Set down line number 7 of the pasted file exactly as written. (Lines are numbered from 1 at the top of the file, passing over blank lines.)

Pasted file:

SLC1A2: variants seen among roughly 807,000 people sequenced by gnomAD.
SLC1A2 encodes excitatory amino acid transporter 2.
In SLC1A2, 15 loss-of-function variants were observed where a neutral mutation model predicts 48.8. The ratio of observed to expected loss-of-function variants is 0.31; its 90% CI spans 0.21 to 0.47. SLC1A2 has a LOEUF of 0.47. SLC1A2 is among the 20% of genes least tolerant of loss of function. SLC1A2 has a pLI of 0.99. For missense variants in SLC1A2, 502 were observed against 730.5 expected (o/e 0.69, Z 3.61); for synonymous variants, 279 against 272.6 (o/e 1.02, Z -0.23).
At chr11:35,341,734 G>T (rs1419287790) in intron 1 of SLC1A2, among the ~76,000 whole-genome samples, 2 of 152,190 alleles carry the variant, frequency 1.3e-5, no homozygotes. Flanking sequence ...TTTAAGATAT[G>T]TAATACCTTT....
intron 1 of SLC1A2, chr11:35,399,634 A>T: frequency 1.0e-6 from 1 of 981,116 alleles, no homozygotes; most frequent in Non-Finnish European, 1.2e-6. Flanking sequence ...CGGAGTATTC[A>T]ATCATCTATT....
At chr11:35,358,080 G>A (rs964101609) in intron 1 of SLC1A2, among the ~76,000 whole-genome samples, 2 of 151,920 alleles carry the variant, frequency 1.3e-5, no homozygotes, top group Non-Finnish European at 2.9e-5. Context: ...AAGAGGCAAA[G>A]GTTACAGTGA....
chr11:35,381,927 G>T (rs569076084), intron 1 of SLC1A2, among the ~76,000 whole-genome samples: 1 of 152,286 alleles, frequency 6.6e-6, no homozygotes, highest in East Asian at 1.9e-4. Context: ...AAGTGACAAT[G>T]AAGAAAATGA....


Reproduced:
chr11:35,381,927 G>T (rs569076084), intron 1 of SLC1A2, among the ~76,000 whole-genome samples: 1 of 152,286 alleles, frequency 6.6e-6, no homozygotes, highest in East Asian at 1.9e-4. Context: ...AAGTGACAAT[G>T]AAGAAAATGA....